Who needs bank branches? Deposit checks via iPhone.

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    USAA, a privately held bank and insurance company, is launching an iPhone app feature that will let customers make deposits without having to stop at the ATM or stand in line at the bank.
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Bank of America may have been on the cutting edge of mobile banking via the iPhone, but now the United Services Automobile Association (USAA), a privately held bank and insurance company, is launching an iPhone app that will let customers deposit their checks electronically.

Starting this week, customers of the small bank, which is based in San Antonio, Texas, and largely caters to military personnel, will be able to make a deposit by simply taking photos of both sides of a check and sending it to the bank using their iPhone. The New York Times reports that customers who opt to deposit their checks via iPhone don't have to send the check to the bank because it will be handled electronically. Instead, they are encouraged to rip up or void the check or file it for their records.

USAA's iPhone deposit feature is the latest in the mobile banking frontier. There's no need to stand in line at the bank or drive up to an ATM. And despite the fact that the bank ranks below the top 20 banks in the US, it's the first to provide the service.

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Though customers were already able to deposit checks using a scanner for the past three years, according to The New York Times, mobile banking is an emerging technology – and one that could potentially save time and money.

"If banks can get people to stop calling call centers for mundane inquiries and instead send a text message," he said, "that saves a bank about $14 for every one of those inquires," Nick Holland, a senior analyst with Aite Group, a financial services research company, told The New York Times.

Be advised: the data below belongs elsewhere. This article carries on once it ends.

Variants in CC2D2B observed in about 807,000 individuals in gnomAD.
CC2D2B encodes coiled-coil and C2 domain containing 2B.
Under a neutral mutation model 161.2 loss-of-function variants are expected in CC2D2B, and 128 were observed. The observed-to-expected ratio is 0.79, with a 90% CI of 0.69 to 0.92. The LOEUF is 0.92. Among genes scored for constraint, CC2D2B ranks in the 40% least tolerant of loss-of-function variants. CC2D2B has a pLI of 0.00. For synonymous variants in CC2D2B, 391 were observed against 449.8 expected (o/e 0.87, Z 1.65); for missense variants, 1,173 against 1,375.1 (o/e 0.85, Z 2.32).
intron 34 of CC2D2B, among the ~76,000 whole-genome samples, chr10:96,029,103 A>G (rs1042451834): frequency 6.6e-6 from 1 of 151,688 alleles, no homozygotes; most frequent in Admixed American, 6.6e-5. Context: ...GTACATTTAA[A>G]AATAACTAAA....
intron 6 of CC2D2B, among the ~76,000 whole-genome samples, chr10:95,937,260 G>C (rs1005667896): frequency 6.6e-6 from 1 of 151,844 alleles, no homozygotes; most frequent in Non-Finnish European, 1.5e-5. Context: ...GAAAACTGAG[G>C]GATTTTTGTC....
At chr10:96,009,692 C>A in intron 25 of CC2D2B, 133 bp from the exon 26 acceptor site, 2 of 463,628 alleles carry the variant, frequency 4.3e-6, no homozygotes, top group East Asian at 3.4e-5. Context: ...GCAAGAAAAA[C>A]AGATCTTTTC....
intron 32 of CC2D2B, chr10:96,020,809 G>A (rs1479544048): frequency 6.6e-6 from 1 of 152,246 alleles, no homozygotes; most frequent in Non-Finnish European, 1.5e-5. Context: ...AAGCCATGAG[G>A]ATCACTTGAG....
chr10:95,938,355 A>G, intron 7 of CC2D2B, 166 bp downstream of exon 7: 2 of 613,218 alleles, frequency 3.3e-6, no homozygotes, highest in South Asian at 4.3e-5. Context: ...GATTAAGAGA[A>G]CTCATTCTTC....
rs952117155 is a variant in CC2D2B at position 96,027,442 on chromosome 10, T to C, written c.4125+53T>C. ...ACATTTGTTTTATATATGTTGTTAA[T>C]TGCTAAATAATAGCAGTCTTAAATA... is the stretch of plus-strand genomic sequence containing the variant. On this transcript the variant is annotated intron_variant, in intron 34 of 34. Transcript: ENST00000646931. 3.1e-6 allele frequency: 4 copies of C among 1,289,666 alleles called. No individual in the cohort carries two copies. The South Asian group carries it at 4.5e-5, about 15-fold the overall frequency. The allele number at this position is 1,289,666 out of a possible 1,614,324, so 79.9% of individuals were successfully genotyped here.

USAA launched their iPhone mobile banking app in May. So far, about a million of the bank's customers check their balances via cellphone. Bank of America isn't far behind: Over three million people access their accounts using mobile banking services, Tara A. Burke, a company spokeswoman, told the Times.

And it's a technology that's expected to grow from 10 million mobile banking users in 2009 to over 53 million users in 2013, according to Tower Group Inc., a research and advisory firm focused on financial services industry.

But some critics are skeptical of the USAA's iPhone deposit feature when it comes to security and fraud issues. To combat those concerns, USAA has limited the iPhone deposit feature to about 60 percent of its customers who have an eligible credit score and insurance from the bank.

Time will only tell if other banks will adopt similar technologies.

See a demo of USAA's iPhone deposit feature below.

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